Exposure for RAW


Today’s Question: With today’s advanced software for processing RAW captures, how important is it really to achieve perfect exposure in the camera?

Tim’s Quick Answer: While software for processing RAW captures is certainly very advanced and capable of compensating for a less-than-ideal exposure, there can still be significant benefits to an optimal exposure in terms of maximizing detail and minimizing noise.

More Detail: Exposure latitude in post-processing is often presented as one of the key reasons to capture in the RAW capture mode rather than JPEG capture. While there is certainly the potential to recover highlight or shadow detail (or both) that could have been lost with a JPEG capture, image quality will likely suffer if you need to apply a strong exposure correction in RAW processing.

Put simply, there is no replacement for recording the light present in the scene with an optimal exposure. You can certainly apply significant adjustments in post-processing, including refining the overall exposure when processing the original RAW capture. But the result in terms of quality won’t be as good as you would have achieved with a proper exposure.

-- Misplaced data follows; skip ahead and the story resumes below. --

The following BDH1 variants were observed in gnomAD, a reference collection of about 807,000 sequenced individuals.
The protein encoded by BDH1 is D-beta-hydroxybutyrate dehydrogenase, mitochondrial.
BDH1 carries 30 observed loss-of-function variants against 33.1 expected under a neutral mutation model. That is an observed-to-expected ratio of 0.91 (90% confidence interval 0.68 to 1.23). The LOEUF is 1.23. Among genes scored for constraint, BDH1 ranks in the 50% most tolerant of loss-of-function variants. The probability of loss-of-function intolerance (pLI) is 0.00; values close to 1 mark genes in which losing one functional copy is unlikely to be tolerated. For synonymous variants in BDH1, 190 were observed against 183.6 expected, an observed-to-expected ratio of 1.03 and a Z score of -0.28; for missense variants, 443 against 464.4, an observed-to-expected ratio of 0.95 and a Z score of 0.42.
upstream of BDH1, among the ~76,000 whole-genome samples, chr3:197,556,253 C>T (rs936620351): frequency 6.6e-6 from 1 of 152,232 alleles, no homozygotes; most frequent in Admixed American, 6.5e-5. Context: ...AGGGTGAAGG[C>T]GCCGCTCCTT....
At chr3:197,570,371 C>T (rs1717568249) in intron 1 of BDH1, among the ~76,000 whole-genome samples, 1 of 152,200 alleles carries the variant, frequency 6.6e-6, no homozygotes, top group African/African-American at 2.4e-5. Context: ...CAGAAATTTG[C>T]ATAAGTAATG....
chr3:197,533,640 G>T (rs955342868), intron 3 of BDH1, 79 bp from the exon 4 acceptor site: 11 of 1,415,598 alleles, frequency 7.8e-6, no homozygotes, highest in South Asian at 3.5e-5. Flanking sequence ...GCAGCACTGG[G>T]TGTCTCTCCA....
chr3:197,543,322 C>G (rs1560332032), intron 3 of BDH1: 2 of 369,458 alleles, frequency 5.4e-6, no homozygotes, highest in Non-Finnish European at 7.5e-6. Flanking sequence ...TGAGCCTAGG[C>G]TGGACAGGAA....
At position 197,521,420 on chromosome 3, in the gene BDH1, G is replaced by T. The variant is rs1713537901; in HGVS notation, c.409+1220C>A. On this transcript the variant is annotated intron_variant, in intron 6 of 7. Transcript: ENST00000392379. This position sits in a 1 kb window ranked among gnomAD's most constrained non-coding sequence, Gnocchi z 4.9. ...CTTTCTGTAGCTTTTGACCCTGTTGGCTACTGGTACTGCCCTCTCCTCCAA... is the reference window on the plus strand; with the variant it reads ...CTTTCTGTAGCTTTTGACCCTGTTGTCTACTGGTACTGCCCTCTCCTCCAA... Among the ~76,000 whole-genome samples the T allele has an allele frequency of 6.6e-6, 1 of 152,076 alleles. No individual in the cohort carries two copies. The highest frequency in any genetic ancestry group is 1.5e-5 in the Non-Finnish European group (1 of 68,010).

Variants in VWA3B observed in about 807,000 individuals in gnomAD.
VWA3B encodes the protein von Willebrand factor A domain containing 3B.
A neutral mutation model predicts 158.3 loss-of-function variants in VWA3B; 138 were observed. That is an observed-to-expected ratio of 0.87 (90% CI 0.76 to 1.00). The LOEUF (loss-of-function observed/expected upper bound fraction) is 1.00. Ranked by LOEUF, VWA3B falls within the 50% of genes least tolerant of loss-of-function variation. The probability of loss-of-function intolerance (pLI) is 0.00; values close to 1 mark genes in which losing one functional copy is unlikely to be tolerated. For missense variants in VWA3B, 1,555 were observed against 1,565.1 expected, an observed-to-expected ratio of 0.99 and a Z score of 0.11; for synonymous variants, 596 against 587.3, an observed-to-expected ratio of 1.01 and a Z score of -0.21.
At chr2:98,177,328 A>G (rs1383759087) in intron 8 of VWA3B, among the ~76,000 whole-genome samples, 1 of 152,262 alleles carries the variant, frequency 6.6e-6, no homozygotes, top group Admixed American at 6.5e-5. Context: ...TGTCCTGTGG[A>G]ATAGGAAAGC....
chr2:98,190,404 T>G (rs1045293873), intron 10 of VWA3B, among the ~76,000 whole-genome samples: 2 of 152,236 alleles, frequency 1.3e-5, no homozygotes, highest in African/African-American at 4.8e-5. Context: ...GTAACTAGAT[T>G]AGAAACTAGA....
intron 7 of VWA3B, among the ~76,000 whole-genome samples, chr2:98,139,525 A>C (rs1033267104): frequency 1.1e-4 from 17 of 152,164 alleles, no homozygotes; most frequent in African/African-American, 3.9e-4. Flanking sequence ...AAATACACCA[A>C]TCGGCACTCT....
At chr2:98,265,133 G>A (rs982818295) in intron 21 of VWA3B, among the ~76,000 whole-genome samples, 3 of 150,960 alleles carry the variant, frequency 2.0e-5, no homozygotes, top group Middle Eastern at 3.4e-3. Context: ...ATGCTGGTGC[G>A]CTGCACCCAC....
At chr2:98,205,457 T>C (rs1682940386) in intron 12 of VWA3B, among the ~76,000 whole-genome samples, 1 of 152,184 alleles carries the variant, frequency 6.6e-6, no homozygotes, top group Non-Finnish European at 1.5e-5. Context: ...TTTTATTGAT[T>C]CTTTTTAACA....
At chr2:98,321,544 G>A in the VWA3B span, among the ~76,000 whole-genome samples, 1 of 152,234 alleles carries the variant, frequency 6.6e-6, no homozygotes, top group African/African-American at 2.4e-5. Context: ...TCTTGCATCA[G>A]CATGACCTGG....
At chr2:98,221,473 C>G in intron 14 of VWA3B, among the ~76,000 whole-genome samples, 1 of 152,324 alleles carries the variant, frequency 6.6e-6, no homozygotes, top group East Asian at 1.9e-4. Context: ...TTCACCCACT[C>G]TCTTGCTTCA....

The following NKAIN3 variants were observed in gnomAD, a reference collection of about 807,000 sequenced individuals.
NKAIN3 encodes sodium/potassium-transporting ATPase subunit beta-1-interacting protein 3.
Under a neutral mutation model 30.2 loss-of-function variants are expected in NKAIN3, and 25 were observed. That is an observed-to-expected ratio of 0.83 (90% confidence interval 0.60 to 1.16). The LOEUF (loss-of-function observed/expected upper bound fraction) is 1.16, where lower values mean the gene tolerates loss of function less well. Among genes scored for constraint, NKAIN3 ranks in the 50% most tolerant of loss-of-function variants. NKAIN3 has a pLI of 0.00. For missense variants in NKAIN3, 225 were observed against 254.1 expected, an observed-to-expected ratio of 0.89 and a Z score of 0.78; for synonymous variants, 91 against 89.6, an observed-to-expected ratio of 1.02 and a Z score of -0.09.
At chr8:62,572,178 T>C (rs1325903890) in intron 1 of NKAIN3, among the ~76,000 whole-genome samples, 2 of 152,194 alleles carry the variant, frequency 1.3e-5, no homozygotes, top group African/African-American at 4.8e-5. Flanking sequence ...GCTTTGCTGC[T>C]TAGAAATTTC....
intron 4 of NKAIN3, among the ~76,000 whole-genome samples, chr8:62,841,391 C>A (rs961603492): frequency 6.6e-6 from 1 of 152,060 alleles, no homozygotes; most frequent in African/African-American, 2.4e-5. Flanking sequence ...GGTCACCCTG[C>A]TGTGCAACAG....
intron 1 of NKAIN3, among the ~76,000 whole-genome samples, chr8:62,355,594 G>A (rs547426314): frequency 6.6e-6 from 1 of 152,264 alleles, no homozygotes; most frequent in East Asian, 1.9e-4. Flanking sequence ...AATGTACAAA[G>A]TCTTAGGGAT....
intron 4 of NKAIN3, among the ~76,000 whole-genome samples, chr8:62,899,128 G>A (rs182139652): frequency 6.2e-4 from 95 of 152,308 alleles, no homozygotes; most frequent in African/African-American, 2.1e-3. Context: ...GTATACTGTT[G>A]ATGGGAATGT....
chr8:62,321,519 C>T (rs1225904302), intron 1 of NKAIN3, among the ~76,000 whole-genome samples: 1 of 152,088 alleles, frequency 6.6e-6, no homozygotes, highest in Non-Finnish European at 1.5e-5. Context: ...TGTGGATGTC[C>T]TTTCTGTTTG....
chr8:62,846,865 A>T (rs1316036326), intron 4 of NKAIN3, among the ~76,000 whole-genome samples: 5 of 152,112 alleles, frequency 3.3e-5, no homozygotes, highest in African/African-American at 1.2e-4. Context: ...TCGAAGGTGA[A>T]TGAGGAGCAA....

In the context of a digital capture, I would say that an optimal exposure is different from what a photographer would normally think of as a “proper” exposure. That’s because there is an advantage in terms of maximizing detail and minimizing noise by exposing the scene as brightly as possible without blowing out highlight detail.

As a general rule, I highly recommend using the “expose to the right” approach to exposure, capturing an image that is as bright as possible without sacrificing highlight detail. Alternatively, an exposure that is as close to the intended final result will also produce very good results.

There is certainly a good amount of latitude in terms of exposure adjustment when processing the RAW capture. But I highly recommend treating this as a last resort for situations where you inadvertently created a less-than-ideal exposure. In other words, the better the initial exposure in the camera, the better quality you can expect in the final image, regardless of the potential “magic” of today’s advanced image processing software.